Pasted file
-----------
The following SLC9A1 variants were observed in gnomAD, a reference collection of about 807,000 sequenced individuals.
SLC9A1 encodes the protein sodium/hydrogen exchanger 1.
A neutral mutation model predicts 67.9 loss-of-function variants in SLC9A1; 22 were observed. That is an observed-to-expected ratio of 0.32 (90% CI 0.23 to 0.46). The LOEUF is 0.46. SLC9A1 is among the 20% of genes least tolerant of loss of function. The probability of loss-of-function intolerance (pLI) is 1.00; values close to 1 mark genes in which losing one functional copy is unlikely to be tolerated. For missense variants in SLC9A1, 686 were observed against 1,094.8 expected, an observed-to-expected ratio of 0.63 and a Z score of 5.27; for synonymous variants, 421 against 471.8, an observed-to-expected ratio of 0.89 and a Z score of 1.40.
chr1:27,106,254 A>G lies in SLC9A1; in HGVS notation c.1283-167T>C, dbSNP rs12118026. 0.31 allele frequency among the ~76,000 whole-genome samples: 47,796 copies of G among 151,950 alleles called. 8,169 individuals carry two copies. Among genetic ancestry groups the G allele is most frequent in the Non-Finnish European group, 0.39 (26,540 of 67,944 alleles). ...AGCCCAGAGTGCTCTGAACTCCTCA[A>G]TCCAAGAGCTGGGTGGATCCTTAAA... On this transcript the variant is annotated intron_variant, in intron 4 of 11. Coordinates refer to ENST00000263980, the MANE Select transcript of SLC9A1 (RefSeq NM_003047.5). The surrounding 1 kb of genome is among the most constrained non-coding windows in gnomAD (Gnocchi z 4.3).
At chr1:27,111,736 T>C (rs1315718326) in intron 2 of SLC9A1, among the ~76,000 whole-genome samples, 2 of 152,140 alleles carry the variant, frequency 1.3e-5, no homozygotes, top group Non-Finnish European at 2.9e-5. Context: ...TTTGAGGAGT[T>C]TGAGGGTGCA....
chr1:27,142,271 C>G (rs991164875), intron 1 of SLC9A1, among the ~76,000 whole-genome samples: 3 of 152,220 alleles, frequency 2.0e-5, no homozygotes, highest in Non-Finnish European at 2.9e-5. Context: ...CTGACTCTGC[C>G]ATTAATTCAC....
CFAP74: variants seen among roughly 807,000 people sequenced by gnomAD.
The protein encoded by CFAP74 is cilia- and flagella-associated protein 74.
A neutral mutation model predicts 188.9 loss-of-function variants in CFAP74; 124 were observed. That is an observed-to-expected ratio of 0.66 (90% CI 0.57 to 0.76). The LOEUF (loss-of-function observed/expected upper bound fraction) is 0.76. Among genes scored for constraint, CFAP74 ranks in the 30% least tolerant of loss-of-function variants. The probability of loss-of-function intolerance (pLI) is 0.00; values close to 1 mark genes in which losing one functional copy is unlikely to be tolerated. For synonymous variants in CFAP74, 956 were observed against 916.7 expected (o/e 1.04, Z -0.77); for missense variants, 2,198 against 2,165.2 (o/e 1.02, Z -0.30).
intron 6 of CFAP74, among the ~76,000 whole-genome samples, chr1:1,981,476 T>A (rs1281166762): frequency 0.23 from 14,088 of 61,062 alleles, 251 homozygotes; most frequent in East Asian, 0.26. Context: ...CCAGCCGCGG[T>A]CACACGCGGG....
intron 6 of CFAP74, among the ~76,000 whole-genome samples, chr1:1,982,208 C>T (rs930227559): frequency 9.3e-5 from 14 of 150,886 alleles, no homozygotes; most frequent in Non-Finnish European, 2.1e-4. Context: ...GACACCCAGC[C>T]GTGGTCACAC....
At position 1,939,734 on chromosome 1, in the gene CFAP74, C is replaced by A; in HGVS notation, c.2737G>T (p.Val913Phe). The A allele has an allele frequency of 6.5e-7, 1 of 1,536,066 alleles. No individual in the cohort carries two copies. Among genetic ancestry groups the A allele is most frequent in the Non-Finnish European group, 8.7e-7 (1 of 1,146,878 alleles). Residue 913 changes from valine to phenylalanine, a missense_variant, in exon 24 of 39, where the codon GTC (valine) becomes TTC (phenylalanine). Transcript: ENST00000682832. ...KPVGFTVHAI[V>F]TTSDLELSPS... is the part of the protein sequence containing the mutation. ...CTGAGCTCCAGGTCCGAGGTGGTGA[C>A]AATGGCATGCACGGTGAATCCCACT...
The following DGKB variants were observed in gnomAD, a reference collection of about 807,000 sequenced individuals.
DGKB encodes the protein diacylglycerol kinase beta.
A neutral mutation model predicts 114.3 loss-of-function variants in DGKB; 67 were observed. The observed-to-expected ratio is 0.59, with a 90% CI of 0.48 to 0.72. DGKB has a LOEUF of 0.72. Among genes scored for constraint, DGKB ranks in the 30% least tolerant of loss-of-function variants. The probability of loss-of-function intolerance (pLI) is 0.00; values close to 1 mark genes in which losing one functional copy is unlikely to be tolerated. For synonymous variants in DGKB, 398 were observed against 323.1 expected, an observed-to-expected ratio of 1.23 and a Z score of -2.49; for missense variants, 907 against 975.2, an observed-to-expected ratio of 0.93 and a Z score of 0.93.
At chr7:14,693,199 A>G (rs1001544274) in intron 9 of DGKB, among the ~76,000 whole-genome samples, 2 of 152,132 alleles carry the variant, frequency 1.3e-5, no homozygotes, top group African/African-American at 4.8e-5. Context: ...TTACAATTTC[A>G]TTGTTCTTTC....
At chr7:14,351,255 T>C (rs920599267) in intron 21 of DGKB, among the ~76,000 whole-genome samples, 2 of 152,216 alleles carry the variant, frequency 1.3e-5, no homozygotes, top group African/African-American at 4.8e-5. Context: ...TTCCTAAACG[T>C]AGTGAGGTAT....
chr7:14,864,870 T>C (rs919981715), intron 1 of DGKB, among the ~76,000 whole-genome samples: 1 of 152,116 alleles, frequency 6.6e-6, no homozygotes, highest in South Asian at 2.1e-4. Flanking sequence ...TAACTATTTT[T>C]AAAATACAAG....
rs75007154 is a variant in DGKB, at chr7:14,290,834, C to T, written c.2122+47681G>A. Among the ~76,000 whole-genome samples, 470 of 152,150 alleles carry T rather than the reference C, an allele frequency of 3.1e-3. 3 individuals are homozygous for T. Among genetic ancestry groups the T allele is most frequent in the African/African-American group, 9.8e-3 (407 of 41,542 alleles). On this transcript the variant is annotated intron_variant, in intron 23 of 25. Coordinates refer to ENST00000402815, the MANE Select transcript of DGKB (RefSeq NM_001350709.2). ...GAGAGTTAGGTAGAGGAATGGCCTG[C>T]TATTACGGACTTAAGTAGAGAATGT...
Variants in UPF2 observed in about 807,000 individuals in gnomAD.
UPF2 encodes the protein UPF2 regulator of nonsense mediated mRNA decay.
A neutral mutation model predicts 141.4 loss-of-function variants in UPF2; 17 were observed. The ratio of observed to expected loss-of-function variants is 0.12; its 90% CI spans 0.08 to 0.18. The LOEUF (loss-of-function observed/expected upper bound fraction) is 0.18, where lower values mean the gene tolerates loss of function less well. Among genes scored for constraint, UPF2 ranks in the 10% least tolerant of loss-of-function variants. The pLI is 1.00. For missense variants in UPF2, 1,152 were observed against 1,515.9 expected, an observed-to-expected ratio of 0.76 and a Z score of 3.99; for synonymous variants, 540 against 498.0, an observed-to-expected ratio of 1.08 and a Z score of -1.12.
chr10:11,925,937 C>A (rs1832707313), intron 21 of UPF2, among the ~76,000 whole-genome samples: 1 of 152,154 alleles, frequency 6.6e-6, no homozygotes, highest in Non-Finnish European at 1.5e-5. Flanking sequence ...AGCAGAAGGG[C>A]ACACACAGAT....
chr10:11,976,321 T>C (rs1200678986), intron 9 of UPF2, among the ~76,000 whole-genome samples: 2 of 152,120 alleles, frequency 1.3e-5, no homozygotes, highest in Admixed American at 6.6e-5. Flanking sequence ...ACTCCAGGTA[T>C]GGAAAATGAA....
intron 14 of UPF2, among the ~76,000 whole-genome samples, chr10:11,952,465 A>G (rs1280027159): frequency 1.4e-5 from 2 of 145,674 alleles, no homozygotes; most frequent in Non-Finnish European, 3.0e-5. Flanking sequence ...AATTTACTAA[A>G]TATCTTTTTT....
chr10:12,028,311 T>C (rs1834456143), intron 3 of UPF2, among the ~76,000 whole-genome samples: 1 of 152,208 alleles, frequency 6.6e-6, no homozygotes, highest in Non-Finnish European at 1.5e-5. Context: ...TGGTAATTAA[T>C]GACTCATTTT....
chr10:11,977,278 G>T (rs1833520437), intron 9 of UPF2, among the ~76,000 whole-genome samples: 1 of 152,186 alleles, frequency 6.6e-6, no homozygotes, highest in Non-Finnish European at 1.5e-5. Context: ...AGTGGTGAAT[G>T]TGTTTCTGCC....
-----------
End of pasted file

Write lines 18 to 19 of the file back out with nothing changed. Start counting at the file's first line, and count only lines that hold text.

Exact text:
chr7:14,864,870 T>C (rs919981715), intron 1 of DGKB, among the ~76,000 whole-genome samples: 1 of 152,116 alleles, frequency 6.6e-6, no homozygotes, highest in South Asian at 2.1e-4. Flanking sequence ...TAACTATTTT[T>C]AAAATACAAG....
rs75007154 is a variant in DGKB, at chr7:14,290,834, C to T, written c.2122+47681G>A. Among the ~76,000 whole-genome samples, 470 of 152,150 alleles carry T rather than the reference C, an allele frequency of 3.1e-3. 3 individuals are homozygous for T. Among genetic ancestry groups the T allele is most frequent in the African/African-American group, 9.8e-3 (407 of 41,542 alleles). On this transcript the variant is annotated intron_variant, in intron 23 of 25. Coordinates refer to ENST00000402815, the MANE Select transcript of DGKB (RefSeq NM_001350709.2). ...GAGAGTTAGGTAGAGGAATGGCCTG[C>T]TATTACGGACTTAAGTAGAGAATGT...